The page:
WILKES-BARRE — The mayor has ended a stepped-up fire watch program that has been criticized heavily as a waste of resources by the city’s firefighters union.
In a press release issued Saturday, Mayor Tony George stated: “At this time, after evaluating all of the available data and information collected over the past two months, the decision has been made to restore the prior Community Fire Watch schedule.”
The statement continues: “To be clear, fire watches will continue, and we will continue to explore ways to better serve the citizens and enhance public safety.”
The union has said fire trucks were not meant to be used for continuous patrolling and it had caused vehicles to be put out of service.
The mayor, meanwhile, argued the watches benefited firefighters’ health and were less expensive than what the average firefighter is paid in wages and benefits.
As his release stated, the mayor wanted firefighters to be “more visible in the community throughout their shift.” He also believed the watches would make “firefighters and fire equipment more readily available to respond to incidents.”
The union forcefully disagreed, however.
In fact, it said the increased patrols were having the exact opposite effect, placing its members out of position to timely respond to calls.
On Sept. 27, Local 104 of the International Association of Fire Fighters filed an unfair labor practice complaint with the state Labor Relations Board.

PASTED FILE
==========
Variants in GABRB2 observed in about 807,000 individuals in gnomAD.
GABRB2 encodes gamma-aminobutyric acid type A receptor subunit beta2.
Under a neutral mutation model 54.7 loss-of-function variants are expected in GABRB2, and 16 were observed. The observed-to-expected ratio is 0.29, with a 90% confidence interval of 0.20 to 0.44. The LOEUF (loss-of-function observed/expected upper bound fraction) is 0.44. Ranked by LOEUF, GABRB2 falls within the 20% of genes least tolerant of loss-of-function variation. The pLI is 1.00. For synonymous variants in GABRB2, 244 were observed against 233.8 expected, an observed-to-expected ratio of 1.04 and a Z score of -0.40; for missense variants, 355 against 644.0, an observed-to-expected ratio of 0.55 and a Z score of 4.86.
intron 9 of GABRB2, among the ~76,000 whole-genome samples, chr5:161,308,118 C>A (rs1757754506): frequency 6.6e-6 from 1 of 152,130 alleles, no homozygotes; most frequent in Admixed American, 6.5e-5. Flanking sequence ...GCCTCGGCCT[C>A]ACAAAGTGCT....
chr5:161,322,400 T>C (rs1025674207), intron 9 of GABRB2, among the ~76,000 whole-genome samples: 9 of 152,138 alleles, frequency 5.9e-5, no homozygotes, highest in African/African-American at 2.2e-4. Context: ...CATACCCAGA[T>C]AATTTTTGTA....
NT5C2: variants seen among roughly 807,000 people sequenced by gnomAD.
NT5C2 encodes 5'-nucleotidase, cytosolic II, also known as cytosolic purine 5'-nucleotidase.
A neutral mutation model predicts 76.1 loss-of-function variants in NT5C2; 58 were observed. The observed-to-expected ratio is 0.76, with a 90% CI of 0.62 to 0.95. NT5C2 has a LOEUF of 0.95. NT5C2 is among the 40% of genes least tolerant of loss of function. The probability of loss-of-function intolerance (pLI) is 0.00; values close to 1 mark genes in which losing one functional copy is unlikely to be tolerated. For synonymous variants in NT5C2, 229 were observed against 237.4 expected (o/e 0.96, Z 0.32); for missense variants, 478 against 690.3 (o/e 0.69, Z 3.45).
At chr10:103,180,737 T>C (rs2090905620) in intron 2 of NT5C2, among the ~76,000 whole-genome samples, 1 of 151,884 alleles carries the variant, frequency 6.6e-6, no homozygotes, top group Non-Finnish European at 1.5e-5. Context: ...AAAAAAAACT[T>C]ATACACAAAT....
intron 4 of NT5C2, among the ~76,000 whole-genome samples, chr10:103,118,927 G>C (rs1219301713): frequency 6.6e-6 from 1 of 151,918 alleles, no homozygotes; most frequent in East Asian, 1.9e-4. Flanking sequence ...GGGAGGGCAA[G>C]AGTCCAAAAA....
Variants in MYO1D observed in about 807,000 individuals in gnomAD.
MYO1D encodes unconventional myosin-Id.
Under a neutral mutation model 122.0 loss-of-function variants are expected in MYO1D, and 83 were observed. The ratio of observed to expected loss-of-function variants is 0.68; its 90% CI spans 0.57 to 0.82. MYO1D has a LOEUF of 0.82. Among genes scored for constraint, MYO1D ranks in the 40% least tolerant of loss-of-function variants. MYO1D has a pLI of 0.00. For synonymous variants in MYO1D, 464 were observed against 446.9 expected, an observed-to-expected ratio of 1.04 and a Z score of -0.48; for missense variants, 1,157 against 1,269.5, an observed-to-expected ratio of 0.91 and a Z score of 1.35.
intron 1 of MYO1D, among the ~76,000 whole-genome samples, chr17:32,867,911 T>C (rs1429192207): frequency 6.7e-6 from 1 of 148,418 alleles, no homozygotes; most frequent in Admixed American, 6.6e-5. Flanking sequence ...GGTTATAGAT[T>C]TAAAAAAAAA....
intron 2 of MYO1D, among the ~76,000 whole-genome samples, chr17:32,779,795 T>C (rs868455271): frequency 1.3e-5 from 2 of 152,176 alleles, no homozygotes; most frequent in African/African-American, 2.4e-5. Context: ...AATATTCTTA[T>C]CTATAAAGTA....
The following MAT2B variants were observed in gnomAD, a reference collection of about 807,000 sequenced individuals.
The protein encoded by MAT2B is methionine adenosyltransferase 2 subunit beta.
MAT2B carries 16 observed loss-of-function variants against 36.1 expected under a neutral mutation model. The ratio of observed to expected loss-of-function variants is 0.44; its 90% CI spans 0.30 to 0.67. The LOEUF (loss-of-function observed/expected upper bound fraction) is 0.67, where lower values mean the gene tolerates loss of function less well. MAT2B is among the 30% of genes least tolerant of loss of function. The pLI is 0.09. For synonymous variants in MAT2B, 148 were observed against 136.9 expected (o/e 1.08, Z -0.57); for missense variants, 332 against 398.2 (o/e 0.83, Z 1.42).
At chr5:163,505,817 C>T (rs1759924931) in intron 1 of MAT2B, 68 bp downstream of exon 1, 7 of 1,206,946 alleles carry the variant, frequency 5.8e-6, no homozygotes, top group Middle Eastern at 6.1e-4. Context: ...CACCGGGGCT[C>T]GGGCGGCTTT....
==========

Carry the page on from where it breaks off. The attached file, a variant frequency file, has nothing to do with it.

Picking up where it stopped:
The union argued George ordered the watches in retaliation for public criticism about “dangerously insufficient staffing levels” in the fire department.
The watches have been conducted for years, however not to the extent they have been since mid-August.
That’s when firefighters began patrolling neighborhoods around-the-clock in what George described as a public safety measure.
And in his release, he still pointed to the “many benefits” of the watches.
But firefighters said besides the wear and tear on equipment and possibly putting them in a less-than-ideal position to respond to a fire or other emergency, the watches were not good for firefighters’ health. They cited heat stress during patrols in apparatus as one factor.
Mike Bilski, president of the Local 104, previously wrote on the union’s Facebook page that the stepped-up watches were done with “little or no forethought into the hazards, or risk management into such a policy.”
Bilski did not respond to messages Saturday.
And the union’s Facebook page did not comment on the administration’s change of heart as of press time.
Messages for Mayor Tony George and city Fire Chief Jay Delaney also were not returned.